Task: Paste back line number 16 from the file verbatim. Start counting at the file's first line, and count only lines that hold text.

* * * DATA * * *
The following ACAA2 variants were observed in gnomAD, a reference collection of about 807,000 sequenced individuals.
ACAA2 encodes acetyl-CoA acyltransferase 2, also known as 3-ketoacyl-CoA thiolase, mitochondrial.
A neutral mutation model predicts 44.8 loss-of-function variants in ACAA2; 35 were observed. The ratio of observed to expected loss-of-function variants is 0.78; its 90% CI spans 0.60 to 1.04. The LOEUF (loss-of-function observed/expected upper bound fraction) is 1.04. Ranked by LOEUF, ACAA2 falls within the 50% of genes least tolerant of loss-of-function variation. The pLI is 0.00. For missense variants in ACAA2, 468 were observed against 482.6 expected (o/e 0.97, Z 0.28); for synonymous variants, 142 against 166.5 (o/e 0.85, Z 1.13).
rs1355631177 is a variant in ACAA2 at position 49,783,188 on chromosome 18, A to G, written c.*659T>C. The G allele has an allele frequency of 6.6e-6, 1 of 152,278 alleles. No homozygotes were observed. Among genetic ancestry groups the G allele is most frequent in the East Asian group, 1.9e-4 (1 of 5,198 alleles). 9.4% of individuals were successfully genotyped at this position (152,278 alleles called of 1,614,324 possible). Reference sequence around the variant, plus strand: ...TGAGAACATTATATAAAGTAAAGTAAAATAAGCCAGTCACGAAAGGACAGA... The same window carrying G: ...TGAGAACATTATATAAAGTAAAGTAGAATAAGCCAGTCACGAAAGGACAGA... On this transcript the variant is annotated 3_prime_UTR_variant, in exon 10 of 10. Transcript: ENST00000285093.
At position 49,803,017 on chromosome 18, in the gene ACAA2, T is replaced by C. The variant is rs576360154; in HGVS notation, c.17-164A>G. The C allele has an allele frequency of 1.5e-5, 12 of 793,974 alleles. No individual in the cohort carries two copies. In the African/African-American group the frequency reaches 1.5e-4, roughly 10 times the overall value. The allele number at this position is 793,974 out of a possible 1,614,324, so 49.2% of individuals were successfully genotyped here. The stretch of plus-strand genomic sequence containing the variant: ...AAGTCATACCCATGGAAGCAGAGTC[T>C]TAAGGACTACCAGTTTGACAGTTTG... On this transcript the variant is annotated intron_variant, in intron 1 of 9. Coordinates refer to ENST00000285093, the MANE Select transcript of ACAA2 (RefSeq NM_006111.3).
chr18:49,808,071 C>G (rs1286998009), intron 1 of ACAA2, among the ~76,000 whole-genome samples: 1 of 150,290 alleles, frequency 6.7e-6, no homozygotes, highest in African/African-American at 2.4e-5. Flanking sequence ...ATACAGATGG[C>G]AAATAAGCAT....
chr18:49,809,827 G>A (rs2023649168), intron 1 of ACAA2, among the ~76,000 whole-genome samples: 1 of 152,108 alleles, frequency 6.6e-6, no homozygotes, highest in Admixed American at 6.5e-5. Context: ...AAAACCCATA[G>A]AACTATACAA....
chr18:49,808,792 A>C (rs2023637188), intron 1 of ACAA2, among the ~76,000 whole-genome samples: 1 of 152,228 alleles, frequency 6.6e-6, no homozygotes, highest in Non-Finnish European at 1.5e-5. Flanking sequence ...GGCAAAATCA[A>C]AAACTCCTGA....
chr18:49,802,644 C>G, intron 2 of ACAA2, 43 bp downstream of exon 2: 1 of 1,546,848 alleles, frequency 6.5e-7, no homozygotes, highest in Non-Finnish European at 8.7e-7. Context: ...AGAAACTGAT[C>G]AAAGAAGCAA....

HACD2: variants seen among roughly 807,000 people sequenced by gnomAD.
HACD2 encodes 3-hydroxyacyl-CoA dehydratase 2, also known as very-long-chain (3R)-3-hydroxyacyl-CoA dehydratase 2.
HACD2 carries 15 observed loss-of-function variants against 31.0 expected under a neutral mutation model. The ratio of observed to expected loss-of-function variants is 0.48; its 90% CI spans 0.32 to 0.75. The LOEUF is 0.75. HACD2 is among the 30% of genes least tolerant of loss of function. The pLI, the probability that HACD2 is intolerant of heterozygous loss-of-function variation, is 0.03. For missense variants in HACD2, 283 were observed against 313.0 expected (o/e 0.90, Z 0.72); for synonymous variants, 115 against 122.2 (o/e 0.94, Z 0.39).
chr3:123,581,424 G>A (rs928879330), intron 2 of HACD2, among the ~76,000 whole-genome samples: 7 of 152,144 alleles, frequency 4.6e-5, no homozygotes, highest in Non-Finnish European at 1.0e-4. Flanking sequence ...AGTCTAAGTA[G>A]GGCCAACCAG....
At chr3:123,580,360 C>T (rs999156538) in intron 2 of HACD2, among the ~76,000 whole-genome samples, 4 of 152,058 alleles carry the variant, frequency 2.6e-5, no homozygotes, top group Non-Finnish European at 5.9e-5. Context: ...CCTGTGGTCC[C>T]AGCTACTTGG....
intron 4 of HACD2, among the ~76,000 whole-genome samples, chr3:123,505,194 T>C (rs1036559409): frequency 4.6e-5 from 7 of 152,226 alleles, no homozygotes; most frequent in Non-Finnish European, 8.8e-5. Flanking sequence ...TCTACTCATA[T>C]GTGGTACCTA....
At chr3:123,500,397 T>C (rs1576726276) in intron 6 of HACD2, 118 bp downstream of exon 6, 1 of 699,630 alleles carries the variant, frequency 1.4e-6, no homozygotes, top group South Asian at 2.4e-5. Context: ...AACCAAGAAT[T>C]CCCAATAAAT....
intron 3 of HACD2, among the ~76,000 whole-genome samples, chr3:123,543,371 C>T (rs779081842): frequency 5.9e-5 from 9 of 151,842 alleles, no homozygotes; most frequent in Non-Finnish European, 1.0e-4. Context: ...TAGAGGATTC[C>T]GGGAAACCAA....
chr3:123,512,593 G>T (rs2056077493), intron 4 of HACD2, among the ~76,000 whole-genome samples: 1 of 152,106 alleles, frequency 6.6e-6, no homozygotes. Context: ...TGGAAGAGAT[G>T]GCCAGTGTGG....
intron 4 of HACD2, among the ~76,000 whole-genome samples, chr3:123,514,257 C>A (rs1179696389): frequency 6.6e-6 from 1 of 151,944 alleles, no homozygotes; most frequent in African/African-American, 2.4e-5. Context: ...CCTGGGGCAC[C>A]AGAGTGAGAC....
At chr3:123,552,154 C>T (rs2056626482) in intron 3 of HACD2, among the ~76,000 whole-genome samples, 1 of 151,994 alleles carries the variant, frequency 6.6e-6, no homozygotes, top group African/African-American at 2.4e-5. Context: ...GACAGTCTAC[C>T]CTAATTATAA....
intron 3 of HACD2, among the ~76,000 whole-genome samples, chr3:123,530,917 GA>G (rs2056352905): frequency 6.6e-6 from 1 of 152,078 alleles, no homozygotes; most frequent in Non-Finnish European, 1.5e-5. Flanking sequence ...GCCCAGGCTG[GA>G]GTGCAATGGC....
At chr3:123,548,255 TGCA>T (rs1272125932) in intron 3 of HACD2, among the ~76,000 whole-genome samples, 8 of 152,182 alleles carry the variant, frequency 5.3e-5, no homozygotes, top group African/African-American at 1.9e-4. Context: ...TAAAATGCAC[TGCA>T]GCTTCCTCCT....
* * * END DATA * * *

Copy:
At chr3:123,500,397 T>C (rs1576726276) in intron 6 of HACD2, 118 bp downstream of exon 6, 1 of 699,630 alleles carries the variant, frequency 1.4e-6, no homozygotes, top group South Asian at 2.4e-5. Context: ...AACCAAGAAT[T>C]CCCAATAAAT....